I'm sure that I've read it on here somewhere before, but didn't the original plans for metropark contain a design for a real amphitheater?
And weren't those original plans deterred by the same people across the river for the same reasons, noise?
Dogwalker, I believe, was part of the group that was against it, but I could be mistaken.
Nope, you are not mistaken about my involvement in stopping the amphitheater. You are mistaken to think it was a part of the original plan for Metropolitan Park. It was a scheme cooked up by Rick Mullaney to benefit some friends of his. He was also going transfer a public park over to ownership by a private corporation.
He was chief of staff to Delaney at the time and got caught hiding some correspondence that he should have revealed to numerous public records requests. Rather than see him prosecuted, the mayor decided to drop the whole thing. I think it was a major embarrassment to Delaney.
The issue at the time WAS noise. The concerts were going to be more numerous (50 per year), later at night (1AM) and louder than they are now. The 11PM limit was put in as part of the settlement over the amphitheater.
St. Nicholas and San Marco can really get blasted with the sound when the river and weather conditions are just right. Wind from the west, low cloud cover and smooth water makes the music as loud on the other side of the river as in the park itself. I once measured 92dba in my back yard in St. Nicholas when there was a rock concert in the stadium.
That said, Redman's meat axe approach to the problem is ridiculous. Speaker number, orientation and volume control can reduce the overflow sound greatly and the 11PM cutoff time is very reasonable. I lived in the same house for a long time after the amphitheater fiasco and never again found the music to be a problem.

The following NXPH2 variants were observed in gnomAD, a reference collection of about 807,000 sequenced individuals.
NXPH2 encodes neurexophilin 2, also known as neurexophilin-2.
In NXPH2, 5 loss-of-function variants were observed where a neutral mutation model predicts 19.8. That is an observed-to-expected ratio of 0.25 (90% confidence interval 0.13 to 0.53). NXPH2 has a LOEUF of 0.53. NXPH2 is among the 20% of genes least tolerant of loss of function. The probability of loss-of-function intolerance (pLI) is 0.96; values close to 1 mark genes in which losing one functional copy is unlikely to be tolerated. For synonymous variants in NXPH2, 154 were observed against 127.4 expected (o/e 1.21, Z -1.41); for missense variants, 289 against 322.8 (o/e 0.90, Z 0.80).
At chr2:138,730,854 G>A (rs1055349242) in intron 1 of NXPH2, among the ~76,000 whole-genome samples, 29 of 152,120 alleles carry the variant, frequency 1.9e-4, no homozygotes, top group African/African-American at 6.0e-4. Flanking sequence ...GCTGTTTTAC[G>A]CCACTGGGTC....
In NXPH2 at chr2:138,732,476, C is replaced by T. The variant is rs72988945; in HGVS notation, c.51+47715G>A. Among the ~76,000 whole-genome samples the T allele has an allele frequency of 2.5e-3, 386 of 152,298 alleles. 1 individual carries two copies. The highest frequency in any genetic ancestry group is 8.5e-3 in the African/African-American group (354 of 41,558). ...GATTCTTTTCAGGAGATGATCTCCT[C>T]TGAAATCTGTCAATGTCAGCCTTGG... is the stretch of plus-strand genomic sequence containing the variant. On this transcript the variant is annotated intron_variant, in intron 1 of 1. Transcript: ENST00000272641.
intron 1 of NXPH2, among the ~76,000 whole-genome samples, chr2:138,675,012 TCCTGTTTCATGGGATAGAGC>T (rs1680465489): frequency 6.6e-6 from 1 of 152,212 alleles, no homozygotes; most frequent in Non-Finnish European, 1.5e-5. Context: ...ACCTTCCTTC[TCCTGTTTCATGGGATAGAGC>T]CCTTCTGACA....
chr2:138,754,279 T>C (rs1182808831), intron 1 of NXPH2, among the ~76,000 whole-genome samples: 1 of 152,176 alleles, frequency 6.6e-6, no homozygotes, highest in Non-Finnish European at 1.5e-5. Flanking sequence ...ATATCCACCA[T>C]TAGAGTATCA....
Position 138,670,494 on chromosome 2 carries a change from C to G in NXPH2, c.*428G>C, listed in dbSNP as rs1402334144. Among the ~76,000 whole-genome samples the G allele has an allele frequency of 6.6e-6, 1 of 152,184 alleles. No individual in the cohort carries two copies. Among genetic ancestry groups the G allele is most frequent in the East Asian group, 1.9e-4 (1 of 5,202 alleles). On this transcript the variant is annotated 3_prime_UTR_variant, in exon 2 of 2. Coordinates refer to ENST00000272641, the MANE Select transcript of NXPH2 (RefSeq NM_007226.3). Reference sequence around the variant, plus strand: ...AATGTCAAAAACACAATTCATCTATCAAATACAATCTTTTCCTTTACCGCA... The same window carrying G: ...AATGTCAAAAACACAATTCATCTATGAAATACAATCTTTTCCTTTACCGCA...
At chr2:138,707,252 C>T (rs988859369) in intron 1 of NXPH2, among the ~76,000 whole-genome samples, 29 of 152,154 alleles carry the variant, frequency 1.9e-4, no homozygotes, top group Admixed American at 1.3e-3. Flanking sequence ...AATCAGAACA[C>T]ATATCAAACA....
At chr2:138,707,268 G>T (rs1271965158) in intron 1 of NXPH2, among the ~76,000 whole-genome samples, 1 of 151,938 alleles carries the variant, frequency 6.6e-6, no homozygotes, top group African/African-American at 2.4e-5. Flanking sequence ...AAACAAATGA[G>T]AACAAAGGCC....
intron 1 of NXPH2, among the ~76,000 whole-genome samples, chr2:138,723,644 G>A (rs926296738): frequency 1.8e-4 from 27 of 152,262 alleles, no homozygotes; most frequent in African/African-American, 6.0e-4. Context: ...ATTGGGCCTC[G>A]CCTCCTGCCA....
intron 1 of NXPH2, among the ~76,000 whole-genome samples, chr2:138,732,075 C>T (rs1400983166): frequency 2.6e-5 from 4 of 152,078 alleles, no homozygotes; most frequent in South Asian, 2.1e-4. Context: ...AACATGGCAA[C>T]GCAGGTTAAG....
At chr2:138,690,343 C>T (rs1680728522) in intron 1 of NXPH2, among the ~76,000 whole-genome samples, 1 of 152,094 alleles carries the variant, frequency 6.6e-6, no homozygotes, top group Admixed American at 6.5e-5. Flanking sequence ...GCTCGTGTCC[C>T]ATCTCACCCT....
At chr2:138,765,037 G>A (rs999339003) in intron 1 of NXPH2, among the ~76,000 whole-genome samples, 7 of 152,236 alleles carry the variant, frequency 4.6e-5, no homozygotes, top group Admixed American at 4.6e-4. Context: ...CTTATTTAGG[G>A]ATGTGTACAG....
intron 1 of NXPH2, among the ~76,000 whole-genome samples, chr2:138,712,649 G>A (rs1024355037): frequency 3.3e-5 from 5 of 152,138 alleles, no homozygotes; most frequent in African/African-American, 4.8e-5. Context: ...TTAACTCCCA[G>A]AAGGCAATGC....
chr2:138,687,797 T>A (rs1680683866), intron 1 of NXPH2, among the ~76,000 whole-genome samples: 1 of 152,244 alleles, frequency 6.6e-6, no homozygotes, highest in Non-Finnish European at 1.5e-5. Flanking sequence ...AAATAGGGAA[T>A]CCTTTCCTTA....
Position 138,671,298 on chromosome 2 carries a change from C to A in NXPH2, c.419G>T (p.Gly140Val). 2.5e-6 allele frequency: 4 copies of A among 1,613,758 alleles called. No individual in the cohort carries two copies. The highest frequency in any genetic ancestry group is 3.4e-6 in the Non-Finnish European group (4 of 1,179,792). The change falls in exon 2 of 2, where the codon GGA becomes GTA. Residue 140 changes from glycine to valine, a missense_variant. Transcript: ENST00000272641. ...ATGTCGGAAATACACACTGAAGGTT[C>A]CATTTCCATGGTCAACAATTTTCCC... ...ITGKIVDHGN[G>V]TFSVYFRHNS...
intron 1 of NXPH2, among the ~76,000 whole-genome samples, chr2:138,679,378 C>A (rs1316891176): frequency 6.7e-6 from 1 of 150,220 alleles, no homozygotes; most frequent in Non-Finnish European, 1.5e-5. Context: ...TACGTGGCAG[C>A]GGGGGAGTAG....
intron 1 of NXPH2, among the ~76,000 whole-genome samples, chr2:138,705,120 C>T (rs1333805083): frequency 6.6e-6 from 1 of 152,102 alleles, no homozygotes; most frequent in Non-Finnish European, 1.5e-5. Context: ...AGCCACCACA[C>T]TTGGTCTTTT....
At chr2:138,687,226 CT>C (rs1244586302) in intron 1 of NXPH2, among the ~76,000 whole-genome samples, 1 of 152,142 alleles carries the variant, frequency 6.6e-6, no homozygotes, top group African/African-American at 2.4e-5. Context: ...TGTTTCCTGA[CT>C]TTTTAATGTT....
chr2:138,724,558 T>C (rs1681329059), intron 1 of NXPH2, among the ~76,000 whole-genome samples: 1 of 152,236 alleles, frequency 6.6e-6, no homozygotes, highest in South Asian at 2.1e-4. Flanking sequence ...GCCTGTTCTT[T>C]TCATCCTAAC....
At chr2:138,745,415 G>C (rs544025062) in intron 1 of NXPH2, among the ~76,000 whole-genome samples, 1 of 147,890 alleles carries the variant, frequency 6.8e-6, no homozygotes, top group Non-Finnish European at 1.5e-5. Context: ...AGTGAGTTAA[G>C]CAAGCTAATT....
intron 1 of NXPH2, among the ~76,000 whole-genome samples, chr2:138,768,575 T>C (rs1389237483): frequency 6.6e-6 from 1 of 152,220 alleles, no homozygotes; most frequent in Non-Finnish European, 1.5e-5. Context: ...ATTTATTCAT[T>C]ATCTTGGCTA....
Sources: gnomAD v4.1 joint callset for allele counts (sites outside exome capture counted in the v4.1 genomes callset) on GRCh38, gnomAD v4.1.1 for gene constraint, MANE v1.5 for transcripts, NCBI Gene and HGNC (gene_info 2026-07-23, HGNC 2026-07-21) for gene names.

None of us can reasonably expect silence; we do live in a city. I currently live in a commercial area with delivery and trash trucks coming and going at all hours, on a major through street and am close enough to the train tracks to be able to hear the rumble of the engines. I am also with a hundred yards of the I-10/I-95 intersection.
I love it. It is the sound of life in an urban core and I don't won't to live anywhere else.
Music is harder to deal with. It is much harder to put in the background of your consciousness . It is written and performed to demand attention and hits our brain in a different way.
Maybe there are some people who will complain about ANY music coming from the Park, but there are some simple, inexpensive ways to control the spread of the music to satisfy most of the residents who are currently complaining, if indeed it is more than just a few people who live right on the river.
Stopping all concerts in the park is even more idiotic than taking up the chairs and tables in Hemming Plaza and that sets a pretty high (low?) standard for stupidity.